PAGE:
What you can see when a reader is looking ahead like this is the appetite for a narrative structure: a plan. What the reader gets in Cloud Atlas are intimations of some large scheme of things. From cometshaped birthmarks that distinguish characters in the different stories, to accidents of recurring names and dates, connections keep being sensed even more on a second reading. But do the connections belong to the narrative structure? By his own account, Mitchell's method involved immersing himself in the different narratives one at a time, even keeping them in different "folders". He then dovetailed them together at a late stage in the novel's composition. He is not the only novelist to have worked like this. Most famously, Franz Kafka's The Trial is a novel put together, after the novelist's death, from chapters or episodes that were composed discretely and whose sequence is not selfevident. http://www.guardian.co.uk/books/2005/apr/09/fiction.davidmitchell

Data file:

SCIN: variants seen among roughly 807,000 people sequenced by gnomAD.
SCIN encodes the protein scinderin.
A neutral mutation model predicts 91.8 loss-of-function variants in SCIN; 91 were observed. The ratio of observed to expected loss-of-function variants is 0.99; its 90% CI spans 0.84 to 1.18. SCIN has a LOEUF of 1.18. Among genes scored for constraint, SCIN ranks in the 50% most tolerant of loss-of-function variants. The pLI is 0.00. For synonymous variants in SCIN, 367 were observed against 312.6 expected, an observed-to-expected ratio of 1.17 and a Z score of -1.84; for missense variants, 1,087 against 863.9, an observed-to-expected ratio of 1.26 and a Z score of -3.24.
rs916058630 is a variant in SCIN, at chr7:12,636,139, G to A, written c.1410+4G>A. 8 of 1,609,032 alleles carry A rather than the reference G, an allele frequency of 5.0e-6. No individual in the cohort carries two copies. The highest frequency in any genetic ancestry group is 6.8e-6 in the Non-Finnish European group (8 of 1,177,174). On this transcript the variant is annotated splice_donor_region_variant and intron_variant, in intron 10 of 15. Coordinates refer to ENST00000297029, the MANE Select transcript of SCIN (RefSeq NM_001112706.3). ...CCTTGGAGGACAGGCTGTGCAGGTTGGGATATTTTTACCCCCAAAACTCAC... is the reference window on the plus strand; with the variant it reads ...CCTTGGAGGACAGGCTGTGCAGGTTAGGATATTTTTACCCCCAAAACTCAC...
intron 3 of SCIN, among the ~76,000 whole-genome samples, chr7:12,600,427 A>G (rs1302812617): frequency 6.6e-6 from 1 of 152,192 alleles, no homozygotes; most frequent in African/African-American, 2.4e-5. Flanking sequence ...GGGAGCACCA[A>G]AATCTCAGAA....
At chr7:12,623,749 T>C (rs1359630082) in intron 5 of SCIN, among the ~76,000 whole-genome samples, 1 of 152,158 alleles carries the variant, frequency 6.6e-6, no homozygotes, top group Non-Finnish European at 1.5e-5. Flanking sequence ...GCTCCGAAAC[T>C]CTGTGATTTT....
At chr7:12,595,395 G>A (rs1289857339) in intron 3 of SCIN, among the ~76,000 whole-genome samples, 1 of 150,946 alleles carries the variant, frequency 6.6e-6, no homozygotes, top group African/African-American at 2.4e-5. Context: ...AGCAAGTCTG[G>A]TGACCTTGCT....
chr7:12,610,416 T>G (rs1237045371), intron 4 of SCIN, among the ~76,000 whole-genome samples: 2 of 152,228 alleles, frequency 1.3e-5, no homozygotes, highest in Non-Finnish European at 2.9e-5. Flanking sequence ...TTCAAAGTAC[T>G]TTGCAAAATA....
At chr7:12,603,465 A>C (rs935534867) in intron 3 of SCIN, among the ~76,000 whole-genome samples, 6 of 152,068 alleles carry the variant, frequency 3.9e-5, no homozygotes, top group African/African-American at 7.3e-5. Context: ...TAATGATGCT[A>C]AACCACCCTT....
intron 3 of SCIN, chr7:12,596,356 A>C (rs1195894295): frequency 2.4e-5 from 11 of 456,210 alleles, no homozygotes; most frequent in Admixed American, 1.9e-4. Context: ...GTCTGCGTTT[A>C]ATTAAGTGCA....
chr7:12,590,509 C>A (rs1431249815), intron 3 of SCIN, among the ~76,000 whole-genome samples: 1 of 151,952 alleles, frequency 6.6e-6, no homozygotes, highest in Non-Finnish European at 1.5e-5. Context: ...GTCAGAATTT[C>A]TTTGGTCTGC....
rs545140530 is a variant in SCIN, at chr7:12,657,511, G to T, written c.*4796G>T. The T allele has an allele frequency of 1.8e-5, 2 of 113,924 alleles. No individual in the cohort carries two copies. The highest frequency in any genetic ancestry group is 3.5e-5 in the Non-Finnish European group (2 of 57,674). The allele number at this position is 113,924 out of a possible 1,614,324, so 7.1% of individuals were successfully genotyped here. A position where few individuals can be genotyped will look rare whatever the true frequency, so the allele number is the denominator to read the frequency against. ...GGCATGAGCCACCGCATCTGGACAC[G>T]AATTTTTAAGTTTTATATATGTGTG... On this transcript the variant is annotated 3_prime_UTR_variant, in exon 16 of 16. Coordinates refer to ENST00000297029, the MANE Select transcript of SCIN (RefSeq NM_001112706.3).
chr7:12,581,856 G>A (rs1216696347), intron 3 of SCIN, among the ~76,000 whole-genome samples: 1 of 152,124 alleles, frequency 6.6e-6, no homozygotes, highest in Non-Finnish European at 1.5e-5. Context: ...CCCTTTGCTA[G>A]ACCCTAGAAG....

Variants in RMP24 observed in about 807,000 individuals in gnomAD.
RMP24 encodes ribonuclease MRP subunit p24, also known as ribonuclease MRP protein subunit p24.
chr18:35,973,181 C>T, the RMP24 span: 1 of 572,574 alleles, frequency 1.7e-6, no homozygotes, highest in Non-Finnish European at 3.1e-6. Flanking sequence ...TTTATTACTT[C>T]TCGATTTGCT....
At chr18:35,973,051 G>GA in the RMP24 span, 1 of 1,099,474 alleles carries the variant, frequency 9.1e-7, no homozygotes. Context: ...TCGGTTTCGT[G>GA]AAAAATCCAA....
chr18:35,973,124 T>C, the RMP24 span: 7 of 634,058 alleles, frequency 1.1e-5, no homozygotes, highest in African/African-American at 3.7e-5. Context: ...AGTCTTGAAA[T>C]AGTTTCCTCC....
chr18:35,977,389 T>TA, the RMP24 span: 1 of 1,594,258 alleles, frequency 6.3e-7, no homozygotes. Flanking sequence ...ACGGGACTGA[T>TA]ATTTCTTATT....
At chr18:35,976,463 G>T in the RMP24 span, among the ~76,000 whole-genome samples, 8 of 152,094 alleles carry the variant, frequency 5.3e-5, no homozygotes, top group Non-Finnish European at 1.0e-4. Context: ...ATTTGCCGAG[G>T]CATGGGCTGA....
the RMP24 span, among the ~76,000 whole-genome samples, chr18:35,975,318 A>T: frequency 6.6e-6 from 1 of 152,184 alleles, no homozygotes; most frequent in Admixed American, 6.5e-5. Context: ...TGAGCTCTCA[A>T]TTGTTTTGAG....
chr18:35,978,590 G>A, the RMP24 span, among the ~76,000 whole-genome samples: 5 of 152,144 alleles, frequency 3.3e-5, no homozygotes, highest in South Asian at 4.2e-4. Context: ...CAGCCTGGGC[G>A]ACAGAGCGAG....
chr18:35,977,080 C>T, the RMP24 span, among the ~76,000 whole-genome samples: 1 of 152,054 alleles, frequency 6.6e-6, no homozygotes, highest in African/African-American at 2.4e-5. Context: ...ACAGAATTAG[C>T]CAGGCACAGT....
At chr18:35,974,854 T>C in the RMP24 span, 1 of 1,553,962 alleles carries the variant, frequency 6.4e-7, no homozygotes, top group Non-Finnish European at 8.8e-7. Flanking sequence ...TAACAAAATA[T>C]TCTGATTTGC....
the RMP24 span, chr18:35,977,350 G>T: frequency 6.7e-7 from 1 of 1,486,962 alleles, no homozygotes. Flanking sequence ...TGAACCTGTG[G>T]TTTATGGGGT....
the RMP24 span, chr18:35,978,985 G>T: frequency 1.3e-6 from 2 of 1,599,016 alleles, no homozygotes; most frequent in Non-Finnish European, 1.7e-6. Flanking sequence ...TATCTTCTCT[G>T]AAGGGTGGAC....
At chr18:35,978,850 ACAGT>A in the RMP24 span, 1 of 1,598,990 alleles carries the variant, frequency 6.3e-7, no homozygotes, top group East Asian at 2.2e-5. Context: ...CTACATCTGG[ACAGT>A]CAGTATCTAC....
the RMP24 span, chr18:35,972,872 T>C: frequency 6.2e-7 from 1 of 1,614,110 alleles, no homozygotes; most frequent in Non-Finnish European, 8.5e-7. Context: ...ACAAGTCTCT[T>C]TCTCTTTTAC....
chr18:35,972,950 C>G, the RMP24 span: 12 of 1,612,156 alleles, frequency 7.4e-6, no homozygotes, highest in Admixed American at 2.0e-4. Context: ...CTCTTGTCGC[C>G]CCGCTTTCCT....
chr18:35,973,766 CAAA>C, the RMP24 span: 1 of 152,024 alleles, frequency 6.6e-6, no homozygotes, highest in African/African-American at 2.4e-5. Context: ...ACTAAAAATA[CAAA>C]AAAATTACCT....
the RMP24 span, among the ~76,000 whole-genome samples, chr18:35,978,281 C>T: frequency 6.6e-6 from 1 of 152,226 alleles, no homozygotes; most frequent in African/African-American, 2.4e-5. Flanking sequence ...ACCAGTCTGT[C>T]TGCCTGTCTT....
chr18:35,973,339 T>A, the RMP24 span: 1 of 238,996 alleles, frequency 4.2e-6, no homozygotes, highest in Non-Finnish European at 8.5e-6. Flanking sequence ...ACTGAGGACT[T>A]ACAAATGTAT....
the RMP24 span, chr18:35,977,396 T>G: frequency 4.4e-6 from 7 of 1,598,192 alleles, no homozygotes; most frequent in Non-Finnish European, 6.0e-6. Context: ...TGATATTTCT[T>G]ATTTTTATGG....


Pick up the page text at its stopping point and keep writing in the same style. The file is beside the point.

Drops in the ocean: Buddhist reflections on David Mitchell’s “Cloud Atlas” Cloud Atlas, by David Mitchell, is a ripping good read with plenty of action and suspense. It’s also a cautionary tale of karma-vipāka (how our actions set up complex results, short- and long-term) and how failing to choose is itself a choice just as much as a conscious decision is. ... Though Cloud Atlas is not a Buddhist book, I found certain Dharmic themes reflected in the prose. The strongest of these is the Three Characteristics of Conditioned Existence (impermanence, nonsubstantiality and unsatisfactoriness), which seem woven throughout the narratives. Or maybe, like when I first fell in love with old Volvos, I just see them everywhere. In one brief scene, from a time maybe 200 years from now, a humanoid fabricant being, somni-451, is being shuttled from safe-house to safe-house, avoiding the corporate/government authorities. She is being hunted down as the (reluctant) figure-head in an emerging revolution of the have-nots against their ‘beloved masters’. She is taken to what had been, centuries before, a monastic complex with many temples and shrines somewhere in Korea, perhaps. Visible across the river gorge is a carved, serene, seated, cross-legged figure, the worse for wear and tear, in huge bas-relief. Somni-451 comes out just before dawn, and sees the elderly headwoman who is sitting, contemplating this figure. She is the abbess, who, as a young girl, had trained briefly as a nun and is the only survivor from the time of rehabilitation (or death) of those who practiced the old, now-banned, religions. She tells somni-451 about this Siddhartha and how he taught freedom from suffering. But she can’t really tell her the stories, because they have all been lost. Nonetheless, she abides, and helps those who come to this place seeking freedom. http://www.wildmind.org/blogs/bookreviews/dropsintheocean